Boston board ousts Director Bernard Margolis
The Boston Public Library board of trustees voted 7–2 at a heated November 13 meeting not to renew 10-year BPL President Bernard Margolis’s contract when it expires June 30, 2008. Supporters packed rows of chairs in the small meeting room at the Dorchester branch, many defending Margolis’s record and calling his removal a political “power play” by Boston Mayor Thomas M. Menino (shown at left). Margolis (right) gave a two-hour interview to the Boston Globe after the board meeting, breaking his silence and lashing out at the mayor....
Louisville vows to grow its library despite ballot defeat
An ambitious plan to fund a $200-million expansion of Louisville (Ky.) Free Public Library facilities and services through a hike in the county’s occupational tax was soundly rejected by some two-thirds of voters November 6. Nonetheless, city and county officials are advancing plans to fund through other municipal channels LFPL’s master plan to renovate or rebuild the main library, refurbish or rebuild most branches, and add five additional libraries—three of which would be regional facilities....
Bush, Cheney images reelected to Kennebunk exhibit
After several rounds of debate and reconsideration and formal complaints from two patrons, the board of Kennebunk (Maine) Free Library voted November 8 to host as originally planned an exhibit of collages made from either discarded American flags or artwork that symbolizes the flag—including depictions of the faces of President Bush and Vice President Cheney....
Beware the Magic Attic
Libraries in Florida and other states are taking steps to remove a phone number in the back of the books in the Magic Attic Club, a series of some 38 fantasy and adventure titles published in the late 1990s for girls aged 9 to 12. A Tampa, Florida, mother was apparently the first to discover that an 800 number on the back page no longer belonged to the Magic Attic Book Club, but went to a telephone sex line instead....
Library language included in Head Start bill
The U.S. House of Representatives and Senate conferees have approved a conference report for the Improving Head Start Act (H.R. 1429). Included in the bill is language that provides opportunities for libraries to play a greater role in Head Start programs aimed at increasing the school readiness of young children in low-income families. Last May, leaders from ALSC, AASL, and YALSA met with legislators during ALA National Legislative Day to advocate for this language in the Head Start bill....
District Dispatch, Nov. 12
Lankes named first OITP Fellow
The Office for Information Technology Policy has named R. David Lankes its first OITP Fellow through December 2008. In this position, Lankes will lead a collaborative research project with OITP on the evolving landscape of information technology and its implications for the education of the next generation of LIS professionals. While he will be working with the office on a wide range of issues, his primary focus will be on further developing the concept of participatory librarianship....
E-rate state coordinators training
Last week, library e-rate coordinators from 40 states spent three days in Arlington, Virginia, learning the ins and outs of the e-rate program. This session was led by e-rate expert and OITP consultant Linda Schatz (right), whose combination of humor, knowledge, and unflagging energy makes her an effective trainer....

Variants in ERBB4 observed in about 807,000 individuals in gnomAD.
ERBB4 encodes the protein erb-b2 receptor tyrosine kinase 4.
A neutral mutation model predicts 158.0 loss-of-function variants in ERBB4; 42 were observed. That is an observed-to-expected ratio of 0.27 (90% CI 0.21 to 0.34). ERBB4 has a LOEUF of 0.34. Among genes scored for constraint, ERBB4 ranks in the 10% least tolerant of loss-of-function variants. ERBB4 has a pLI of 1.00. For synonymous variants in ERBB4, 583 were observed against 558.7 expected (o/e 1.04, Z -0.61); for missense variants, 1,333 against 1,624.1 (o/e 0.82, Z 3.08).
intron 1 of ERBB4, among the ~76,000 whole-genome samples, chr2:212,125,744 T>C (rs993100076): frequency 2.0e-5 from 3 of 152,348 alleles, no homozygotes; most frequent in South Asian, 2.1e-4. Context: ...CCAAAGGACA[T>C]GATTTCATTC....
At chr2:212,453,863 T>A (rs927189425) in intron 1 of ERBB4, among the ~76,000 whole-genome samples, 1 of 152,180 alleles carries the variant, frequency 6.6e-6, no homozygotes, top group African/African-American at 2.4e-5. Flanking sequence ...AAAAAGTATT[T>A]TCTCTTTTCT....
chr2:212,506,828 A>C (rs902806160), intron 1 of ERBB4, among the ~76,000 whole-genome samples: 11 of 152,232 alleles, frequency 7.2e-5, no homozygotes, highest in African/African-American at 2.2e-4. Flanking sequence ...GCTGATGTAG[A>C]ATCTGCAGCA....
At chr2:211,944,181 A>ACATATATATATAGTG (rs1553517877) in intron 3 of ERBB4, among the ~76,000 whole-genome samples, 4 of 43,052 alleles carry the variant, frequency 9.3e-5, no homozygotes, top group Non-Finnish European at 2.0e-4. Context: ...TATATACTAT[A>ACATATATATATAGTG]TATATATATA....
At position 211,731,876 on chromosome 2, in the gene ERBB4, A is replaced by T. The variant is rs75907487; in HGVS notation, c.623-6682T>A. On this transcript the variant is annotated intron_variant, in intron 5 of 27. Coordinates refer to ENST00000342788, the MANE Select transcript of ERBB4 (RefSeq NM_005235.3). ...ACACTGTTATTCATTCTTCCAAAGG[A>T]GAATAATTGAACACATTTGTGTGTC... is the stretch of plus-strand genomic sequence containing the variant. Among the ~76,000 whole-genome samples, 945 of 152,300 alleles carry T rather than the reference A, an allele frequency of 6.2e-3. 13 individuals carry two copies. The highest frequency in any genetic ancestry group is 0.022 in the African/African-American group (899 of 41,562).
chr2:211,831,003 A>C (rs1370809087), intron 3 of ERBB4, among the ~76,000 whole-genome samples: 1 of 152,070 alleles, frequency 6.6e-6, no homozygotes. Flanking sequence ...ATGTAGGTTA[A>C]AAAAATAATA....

District Dispatch, Nov. 14
Library workplace wellness survey
Are workplace wellness and work-life balance concerns in libraries? The
ALA–Allied Professional Association is encouraging library employees to participate in its Library Workplace Wellness online survey, available through December 14. The results of the survey will provide important information about the depth and scope of work-life initiatives offered in American libraries....
NYLA to cosponsor Midwinter Advocacy Institute
The New York Library Association will cosponsor the Advocacy Institute held during the ALA 2008 Midwinter Meeting in Philadelphia. The daylong institute, to be held January 11, will train library staff, trustees, and Friends to become stronger library advocates....
AASL National Conference in Reno
In this snapshot (3:33) from the AASL 13th National Conference in Reno, Nevada, Dan Pink talks about his subversive high school librarian, Omar Wasow discusses how school libraries can compete in the age of Google, AASL President Sara Kelly Johns talks about the new AASL standards, and we are introduced to a project called “Sheet Happens.”...
review: Books for youth
Rohmann, Eric. A Kitten Tale. Jan. 2008. 32p. Knopf, hardcover (978-0-517-70915-3). PreSchool.
Rohmann, whose picture-book awards include both the Caldecott Medal and a Caldecott Honor, offers another marvel of sly simplicity for the very young. The short text begins in spring, when four kittens spot a postcard with a wintry scene. Three chime in with worries about the season: “The snow will fall and fall and we’ll be cold!” says the first kitten. “Freezing cold!” says the second. “Cold to the tips of our tails!” says the third. Only the fourth kitten, a gold-colored tabby, is excited: “I can’t wait.” Through summer and fall, the three fearful ones fret, while the gold kitten eagerly anticipates winter. Finally, snow arrives, and predictably, the kittens huddle and hide—all except the brave gold tabby, whose joyful outdoor play finally persuades his friends to join him....
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other reviews and much more....
Happenings in January
The Philly Fun Guide allows you to search for activities by date, type, and location. Among the